- work on your own expectations of yourself. give yourself permission to not want to have sex sometimes. listen to his comments as a request that you are truly free to respond yes or no. Obviously you may want to say yes sometimes when you are wishy-washy to make him happy but that is a gift that you are giving him - not something that he is able to demand from you.
- let him know that when you have good sex, you would like to hear about that too. Not that you want to be rating every session but "that was nice" or even "wow that was great" should be part of his communication too.
- most couples are somewhat mismatched in sexual desire and need to find a compromise. A twice a week person could be on either side of it - less than a partner who wants it daily or more than one who wants it weekly. Nothing wrong with your level of desire except that it isn't perfect match to the person who happens to be your partner.
posted by metahawk at 10:18 PM on October 3, 2008

oops - first line should read "sounds like you can't pin point the problem.
posted by metahawk at 10:21 PM on October 3, 2008

From your limited description, it sounds like he is just sexually demanding, without putting much effort into into figuring out that this is a partnership, or realizing that his demanding nature is probably accomplishing the opposite of what he wants; it probably pushes you away. His style of sharing his needs making his demands is not the issue. If you want this relationship to work, I'd recommend some couples counseling to try and figure this out, or it will snowball into misery.
posted by Fuzzy Skinner at 10:43 PM on October 3, 2008

It good to talk if things aren't flowing emotionally or sexually. If you're discussing how to make thing better between the two of you, that's good. If he's interested in what's working for you or not working for you, that's good too.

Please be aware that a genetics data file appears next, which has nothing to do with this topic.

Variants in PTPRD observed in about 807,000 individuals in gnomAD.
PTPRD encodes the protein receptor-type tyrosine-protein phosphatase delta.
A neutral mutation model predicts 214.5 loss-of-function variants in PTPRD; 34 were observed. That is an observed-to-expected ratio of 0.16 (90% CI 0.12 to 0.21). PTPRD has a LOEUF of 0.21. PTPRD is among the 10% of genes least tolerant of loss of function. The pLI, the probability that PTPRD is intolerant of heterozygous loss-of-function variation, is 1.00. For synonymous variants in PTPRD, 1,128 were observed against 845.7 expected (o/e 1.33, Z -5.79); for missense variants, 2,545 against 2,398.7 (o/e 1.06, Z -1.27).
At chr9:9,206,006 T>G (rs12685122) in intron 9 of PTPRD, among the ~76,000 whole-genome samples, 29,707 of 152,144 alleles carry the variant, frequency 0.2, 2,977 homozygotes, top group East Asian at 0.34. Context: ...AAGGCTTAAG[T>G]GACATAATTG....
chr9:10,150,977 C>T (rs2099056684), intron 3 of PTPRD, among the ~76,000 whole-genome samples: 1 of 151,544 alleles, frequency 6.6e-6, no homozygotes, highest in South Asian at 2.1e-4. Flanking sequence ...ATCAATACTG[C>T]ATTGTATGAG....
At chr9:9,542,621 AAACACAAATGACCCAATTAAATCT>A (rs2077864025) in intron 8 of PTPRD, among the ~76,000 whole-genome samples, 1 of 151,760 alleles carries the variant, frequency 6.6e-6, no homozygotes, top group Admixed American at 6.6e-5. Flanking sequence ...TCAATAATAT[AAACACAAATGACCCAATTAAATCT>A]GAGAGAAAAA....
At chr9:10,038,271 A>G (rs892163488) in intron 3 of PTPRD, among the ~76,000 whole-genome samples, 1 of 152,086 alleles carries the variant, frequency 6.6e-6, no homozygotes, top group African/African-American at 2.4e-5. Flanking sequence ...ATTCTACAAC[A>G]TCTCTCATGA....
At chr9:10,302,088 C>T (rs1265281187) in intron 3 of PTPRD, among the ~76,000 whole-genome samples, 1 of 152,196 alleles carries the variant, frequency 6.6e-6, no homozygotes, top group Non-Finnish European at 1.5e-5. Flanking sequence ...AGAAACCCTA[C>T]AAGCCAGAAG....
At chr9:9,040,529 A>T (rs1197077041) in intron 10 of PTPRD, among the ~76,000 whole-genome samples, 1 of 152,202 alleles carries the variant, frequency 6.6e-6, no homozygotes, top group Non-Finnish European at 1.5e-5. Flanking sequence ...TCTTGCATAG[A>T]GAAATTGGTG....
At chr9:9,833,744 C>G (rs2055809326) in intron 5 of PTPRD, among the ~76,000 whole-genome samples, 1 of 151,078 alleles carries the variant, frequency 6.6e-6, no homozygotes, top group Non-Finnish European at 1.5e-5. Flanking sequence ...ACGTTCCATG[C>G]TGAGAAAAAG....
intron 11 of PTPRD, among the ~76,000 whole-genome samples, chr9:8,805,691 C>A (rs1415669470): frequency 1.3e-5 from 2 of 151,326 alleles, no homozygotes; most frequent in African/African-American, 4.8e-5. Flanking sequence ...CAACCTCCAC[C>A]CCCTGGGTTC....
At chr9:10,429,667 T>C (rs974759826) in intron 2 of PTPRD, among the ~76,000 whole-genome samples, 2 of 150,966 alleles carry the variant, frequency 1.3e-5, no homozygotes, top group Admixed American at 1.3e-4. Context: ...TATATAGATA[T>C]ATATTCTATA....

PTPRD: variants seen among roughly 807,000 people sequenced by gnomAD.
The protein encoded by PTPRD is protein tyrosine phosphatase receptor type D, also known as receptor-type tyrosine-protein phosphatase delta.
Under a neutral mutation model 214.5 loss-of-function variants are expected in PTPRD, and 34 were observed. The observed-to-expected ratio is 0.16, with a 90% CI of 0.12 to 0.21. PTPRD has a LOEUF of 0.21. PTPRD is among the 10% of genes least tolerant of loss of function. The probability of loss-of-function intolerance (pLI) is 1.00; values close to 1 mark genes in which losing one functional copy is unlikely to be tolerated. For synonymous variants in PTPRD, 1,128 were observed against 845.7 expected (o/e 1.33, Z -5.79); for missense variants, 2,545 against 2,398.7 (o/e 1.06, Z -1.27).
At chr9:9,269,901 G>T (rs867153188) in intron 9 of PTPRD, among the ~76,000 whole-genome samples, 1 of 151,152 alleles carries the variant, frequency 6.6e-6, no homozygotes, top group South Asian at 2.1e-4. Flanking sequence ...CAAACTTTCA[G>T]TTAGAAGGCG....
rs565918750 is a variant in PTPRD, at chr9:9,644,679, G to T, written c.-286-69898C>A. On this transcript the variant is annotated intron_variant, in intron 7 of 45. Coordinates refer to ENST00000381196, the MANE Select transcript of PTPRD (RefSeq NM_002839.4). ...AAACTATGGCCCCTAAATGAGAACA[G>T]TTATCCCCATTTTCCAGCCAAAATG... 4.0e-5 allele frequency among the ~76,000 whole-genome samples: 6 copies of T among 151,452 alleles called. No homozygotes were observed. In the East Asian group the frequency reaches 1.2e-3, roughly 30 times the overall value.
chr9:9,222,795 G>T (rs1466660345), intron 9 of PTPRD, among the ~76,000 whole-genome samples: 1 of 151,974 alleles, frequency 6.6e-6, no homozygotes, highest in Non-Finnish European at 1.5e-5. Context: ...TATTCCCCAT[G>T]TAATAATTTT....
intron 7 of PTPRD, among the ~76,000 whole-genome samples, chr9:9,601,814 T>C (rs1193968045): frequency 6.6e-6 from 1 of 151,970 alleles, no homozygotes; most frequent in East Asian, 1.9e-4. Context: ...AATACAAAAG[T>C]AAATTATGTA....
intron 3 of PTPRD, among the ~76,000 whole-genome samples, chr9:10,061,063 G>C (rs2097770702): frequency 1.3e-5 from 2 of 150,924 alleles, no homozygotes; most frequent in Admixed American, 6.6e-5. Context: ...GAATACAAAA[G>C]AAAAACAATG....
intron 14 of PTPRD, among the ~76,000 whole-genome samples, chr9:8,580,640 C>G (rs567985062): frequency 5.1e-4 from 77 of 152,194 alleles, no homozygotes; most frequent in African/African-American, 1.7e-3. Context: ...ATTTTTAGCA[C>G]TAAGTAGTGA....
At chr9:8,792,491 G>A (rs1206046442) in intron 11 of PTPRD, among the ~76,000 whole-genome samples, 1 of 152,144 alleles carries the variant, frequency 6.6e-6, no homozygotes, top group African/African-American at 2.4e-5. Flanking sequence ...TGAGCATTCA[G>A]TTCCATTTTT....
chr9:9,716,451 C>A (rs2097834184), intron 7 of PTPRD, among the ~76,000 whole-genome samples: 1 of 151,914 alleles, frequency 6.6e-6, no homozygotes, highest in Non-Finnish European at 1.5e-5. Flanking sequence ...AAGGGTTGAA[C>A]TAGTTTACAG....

If it's more along the lines of "you've really sucked in bed lately and you need to put out more", then that's not so helpful.
posted by 26.2 at 10:57 PM on October 3, 2008

Communicate back.
posted by salvia at 12:02 AM on October 4, 2008

Agreed with others, someone communicating to you is not a problem in and of itself. How you handle it is.
posted by Phyltre at 12:38 AM on October 4, 2008

So the other day, a friend of mine had a problem with his woman; he drank too much, didn't remember what happened, and only knew that she was abrupt when leaving the house that morning.

He was convinced that he had done something wrong, and that the relationship was going to end. Convinced. He hadn't talked to her about it, he didn't remember doing anything bad, and she didn't say he had done anything bad. A combination of insecurity and lack of memory and her behavior that morning was enough for him to be sure he'd thrown the relationship down the toilet.

He fretted over this the entire day, with me, with other folks, by himself, and drove himself crazy. He was afraid to bring it up, or even ask how she was feeling, because he felt it would somehow trigger rejection.

Then the next day, they talked on the phone, and he asked her what was up that morning, and she apologized for being so grumpy; she had been sick, and he had been trying to take good care of her and be nurturing, but was overdoing it because he was drunk and she got annoyed -- but she acknowledged that he'd done nothing wrong, it was just her getting annoyed for a stupid reason and because she was feeling sick.

Now everything's fine again. That was all it was.